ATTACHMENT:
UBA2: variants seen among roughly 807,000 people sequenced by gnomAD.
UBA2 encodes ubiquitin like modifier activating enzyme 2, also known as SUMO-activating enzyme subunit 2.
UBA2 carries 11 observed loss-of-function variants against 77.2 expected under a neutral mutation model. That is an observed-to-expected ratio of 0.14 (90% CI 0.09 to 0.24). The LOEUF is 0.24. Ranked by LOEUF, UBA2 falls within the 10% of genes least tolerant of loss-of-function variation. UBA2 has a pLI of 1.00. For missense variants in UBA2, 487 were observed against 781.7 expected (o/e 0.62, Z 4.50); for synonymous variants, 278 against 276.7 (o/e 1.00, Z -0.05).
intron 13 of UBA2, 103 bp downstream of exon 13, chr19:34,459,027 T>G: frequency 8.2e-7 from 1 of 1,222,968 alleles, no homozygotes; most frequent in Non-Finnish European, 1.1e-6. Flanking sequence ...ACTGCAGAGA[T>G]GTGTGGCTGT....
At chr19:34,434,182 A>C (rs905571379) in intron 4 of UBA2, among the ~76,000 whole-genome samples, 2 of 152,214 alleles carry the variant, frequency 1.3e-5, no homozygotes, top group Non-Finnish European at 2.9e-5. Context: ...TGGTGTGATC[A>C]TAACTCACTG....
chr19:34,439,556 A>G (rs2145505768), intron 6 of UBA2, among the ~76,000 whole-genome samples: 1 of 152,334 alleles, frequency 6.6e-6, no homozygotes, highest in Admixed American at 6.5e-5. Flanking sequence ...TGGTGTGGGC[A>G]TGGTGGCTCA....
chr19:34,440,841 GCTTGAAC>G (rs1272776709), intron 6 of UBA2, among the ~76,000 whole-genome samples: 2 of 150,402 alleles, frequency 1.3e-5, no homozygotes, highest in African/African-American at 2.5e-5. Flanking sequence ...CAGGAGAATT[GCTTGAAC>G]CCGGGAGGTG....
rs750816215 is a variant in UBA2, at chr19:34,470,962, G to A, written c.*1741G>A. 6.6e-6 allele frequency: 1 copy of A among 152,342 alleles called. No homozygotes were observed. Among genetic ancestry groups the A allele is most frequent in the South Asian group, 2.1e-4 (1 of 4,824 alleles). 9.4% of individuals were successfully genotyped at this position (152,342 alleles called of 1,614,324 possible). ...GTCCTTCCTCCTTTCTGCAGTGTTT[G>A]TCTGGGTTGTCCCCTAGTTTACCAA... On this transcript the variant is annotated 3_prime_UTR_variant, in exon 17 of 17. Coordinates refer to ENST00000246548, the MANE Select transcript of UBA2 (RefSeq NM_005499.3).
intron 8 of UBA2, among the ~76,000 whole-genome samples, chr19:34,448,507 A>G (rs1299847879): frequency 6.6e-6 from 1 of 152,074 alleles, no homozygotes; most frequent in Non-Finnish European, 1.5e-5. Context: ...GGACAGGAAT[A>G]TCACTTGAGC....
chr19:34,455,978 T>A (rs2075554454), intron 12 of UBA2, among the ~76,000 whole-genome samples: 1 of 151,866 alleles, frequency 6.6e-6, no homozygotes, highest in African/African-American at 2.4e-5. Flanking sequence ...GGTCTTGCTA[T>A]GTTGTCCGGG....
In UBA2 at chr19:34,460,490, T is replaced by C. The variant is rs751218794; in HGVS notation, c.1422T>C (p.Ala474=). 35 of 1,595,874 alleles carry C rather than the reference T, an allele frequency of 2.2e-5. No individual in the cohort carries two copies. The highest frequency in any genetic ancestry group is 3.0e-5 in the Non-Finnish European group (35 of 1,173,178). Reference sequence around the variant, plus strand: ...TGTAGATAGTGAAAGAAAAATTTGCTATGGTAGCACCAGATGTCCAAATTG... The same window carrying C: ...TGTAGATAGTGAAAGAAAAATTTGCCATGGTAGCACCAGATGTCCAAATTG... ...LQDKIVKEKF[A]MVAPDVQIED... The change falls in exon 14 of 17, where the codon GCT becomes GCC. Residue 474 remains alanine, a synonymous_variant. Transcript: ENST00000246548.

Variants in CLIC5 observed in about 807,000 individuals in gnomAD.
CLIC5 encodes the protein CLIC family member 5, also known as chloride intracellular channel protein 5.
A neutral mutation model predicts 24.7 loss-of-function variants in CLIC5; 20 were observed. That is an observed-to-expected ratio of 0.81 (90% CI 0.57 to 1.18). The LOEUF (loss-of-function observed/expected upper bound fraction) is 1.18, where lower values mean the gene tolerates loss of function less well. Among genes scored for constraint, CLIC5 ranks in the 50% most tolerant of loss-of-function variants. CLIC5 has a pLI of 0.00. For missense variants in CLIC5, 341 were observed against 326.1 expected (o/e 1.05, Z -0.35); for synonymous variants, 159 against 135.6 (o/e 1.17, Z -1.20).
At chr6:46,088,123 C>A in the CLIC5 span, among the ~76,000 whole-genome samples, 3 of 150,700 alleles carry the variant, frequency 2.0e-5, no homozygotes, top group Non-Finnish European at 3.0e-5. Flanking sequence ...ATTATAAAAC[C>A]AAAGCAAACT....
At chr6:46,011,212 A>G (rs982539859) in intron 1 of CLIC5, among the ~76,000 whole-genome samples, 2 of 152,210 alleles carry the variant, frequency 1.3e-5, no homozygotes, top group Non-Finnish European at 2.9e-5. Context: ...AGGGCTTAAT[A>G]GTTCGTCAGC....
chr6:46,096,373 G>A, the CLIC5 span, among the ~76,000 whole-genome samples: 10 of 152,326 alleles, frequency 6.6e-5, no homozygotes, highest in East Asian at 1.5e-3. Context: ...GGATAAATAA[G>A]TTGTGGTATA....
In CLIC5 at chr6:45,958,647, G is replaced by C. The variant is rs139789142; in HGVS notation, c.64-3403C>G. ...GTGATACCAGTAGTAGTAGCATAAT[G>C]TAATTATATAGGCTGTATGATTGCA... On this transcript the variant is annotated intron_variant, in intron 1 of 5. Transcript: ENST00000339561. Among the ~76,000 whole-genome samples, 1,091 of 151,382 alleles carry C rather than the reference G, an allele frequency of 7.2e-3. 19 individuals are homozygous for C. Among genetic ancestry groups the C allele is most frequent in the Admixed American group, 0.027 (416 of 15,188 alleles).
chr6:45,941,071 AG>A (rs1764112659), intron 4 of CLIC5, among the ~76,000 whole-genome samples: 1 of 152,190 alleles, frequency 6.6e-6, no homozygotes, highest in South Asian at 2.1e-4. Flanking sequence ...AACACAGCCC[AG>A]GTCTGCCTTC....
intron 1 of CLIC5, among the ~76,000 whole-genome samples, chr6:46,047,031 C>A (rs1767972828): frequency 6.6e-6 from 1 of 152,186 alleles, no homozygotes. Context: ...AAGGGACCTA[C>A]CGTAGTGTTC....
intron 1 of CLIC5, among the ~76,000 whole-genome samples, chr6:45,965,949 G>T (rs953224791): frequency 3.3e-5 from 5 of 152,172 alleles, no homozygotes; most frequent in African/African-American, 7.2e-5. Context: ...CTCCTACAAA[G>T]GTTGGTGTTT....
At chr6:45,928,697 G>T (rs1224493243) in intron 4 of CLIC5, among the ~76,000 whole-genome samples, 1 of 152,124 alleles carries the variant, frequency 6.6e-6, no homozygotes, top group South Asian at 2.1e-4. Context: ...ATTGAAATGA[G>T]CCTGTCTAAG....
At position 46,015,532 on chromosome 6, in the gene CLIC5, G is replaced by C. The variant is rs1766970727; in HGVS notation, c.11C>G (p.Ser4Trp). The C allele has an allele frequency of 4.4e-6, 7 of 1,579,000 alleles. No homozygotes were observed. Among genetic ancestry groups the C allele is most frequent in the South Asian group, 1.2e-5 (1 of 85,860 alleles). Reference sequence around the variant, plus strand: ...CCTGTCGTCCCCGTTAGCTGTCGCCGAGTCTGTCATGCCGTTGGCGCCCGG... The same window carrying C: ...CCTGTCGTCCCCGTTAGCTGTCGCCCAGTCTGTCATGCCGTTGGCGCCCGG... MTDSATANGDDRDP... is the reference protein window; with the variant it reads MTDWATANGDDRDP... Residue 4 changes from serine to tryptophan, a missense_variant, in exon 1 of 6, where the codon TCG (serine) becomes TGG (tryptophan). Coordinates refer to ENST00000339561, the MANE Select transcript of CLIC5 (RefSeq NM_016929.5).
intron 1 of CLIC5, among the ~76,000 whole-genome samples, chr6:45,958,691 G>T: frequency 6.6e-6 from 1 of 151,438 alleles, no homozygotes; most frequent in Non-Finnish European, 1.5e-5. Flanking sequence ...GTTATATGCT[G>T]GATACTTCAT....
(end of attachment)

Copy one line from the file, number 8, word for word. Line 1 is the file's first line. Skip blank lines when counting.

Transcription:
rs750816215 is a variant in UBA2, at chr19:34,470,962, G to A, written c.*1741G>A. 6.6e-6 allele frequency: 1 copy of A among 152,342 alleles called. No homozygotes were observed. Among genetic ancestry groups the A allele is most frequent in the South Asian group, 2.1e-4 (1 of 4,824 alleles). 9.4% of individuals were successfully genotyped at this position (152,342 alleles called of 1,614,324 possible). ...GTCCTTCCTCCTTTCTGCAGTGTTT[G>A]TCTGGGTTGTCCCCTAGTTTACCAA... On this transcript the variant is annotated 3_prime_UTR_variant, in exon 17 of 17. Coordinates refer to ENST00000246548, the MANE Select transcript of UBA2 (RefSeq NM_005499.3).